I finished my second day with François Ozon’s The Double Lover, which is undoubtedly the biggest disappointed at the festival so far. Ozon is such a playful and inventive director that it’s a shame to see him ape Brian De Palma so closely. The Double Lover is not bad, Ozon is too tactile and fun for that — his sensibilities compliment mine too closely for me to ever be bored with him. The way Ozon uses architecture to isolate Marine Vacth in the frame is a delight for the aestheticist in me, and Vacth continues to shine in. But this didn’t do very much for me beyond its aesthetics. It leans too heavily on its genre tropes. It’s too obvious in its visual thematic symbolism, and the final act has severe pacing issues.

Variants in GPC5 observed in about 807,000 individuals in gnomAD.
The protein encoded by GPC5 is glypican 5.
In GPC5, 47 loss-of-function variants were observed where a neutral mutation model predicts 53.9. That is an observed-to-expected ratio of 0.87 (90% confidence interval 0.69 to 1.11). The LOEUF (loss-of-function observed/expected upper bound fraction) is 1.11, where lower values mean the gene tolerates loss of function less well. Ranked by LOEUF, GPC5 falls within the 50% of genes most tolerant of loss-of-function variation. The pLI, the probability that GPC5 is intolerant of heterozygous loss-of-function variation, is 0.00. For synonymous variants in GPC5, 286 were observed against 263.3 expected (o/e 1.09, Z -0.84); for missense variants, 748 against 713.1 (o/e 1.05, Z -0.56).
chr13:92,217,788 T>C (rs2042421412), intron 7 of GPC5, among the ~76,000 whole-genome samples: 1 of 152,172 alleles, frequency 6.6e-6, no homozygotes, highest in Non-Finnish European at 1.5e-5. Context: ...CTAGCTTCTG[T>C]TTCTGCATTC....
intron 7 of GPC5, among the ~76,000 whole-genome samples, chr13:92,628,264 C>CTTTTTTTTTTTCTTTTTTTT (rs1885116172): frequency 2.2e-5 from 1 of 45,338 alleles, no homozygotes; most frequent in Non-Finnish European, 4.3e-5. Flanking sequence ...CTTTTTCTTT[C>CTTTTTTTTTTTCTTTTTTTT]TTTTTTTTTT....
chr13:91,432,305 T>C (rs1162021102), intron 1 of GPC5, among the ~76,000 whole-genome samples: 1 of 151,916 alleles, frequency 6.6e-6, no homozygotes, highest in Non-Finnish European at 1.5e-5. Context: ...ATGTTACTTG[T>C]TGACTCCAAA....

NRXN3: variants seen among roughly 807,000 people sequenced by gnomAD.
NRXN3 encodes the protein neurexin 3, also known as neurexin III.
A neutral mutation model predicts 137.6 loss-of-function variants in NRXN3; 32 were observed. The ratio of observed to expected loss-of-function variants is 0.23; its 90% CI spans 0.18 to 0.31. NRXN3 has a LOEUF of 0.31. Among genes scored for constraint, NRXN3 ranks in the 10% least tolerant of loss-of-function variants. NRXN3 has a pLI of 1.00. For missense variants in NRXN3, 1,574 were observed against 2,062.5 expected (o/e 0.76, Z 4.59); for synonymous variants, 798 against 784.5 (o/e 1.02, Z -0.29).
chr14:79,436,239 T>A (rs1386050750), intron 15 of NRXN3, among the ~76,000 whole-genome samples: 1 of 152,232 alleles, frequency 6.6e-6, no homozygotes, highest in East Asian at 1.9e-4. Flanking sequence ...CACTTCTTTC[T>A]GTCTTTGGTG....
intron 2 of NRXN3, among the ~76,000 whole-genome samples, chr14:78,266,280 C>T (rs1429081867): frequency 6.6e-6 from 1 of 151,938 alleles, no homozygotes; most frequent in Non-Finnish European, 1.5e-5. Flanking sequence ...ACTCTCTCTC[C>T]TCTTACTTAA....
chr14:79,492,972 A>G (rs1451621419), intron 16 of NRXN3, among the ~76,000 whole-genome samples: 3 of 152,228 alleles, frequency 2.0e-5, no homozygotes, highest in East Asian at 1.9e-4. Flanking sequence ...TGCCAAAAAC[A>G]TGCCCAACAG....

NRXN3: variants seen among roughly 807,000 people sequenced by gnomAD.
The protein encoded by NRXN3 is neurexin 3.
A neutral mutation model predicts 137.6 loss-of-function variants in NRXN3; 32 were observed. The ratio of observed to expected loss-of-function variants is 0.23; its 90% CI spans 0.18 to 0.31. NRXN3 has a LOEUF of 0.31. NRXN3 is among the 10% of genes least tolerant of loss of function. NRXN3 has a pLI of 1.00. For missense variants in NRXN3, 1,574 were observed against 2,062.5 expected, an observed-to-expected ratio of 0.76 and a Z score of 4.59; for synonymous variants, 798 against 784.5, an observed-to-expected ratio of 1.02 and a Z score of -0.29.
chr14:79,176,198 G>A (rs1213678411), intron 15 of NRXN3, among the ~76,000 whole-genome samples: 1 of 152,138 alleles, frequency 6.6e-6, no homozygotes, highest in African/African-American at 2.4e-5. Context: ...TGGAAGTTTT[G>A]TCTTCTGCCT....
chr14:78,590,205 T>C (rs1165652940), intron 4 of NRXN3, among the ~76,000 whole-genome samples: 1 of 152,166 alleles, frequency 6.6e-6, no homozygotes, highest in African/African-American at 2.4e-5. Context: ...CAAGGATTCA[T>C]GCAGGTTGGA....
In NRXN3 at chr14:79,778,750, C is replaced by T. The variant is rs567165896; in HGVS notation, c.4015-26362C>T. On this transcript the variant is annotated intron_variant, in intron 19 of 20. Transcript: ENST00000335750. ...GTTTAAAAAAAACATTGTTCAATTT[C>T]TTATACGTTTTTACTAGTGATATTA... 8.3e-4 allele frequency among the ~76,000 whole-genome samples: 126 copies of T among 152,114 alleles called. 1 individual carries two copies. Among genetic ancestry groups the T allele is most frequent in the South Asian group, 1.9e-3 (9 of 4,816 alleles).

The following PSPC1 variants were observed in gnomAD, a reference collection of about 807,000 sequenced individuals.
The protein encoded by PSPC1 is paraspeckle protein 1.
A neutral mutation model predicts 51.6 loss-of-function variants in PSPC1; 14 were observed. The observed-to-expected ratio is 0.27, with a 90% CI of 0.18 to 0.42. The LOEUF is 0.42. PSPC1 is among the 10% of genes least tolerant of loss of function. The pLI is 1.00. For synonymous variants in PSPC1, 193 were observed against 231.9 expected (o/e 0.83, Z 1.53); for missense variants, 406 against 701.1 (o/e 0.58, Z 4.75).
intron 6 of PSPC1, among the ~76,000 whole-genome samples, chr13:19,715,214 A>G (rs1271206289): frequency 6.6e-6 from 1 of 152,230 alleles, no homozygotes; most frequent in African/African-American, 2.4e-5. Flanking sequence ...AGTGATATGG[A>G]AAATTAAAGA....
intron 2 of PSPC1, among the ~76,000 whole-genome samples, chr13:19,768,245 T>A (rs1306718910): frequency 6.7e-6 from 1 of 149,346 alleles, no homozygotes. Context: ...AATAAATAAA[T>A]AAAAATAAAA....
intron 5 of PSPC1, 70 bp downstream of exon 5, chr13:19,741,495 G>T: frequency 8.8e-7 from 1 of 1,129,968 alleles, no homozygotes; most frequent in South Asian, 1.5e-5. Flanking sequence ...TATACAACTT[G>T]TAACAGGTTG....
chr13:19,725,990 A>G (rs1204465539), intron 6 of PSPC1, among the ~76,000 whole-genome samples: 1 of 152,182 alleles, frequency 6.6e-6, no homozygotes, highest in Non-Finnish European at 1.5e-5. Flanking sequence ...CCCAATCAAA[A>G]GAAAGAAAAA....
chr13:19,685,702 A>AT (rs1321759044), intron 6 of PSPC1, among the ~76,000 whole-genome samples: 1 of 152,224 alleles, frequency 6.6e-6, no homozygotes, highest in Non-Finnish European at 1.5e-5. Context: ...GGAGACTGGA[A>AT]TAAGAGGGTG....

The third day was a shorter one, as real life interfered a bit, but I still managed to watch four movies. Hannah and Centaur was the double feature that kicked it off, and both delivered on some aspects and missed on others. Hannah is Charlotte Rampling’s latest showcase, where the entire film is dedicated to and built around her performance. She’s as present and real as ever. Andrea Pallaoro’s direction does what it sets out to do, and there are moments of transcendent beauty — a late long take towards the end, especially — but it becomes too quiet and sparse to really hit with any real force. The same can be said of Centaur, but here there is even less to latch onto. Centaur‘s first act is a smart and subdued observation on the value of history and culture, and how it collides with modernity. But as the runtime goes on the movie becomes too entrenched in traditional narrative structures and ideas, and in the end it misses the mark completely.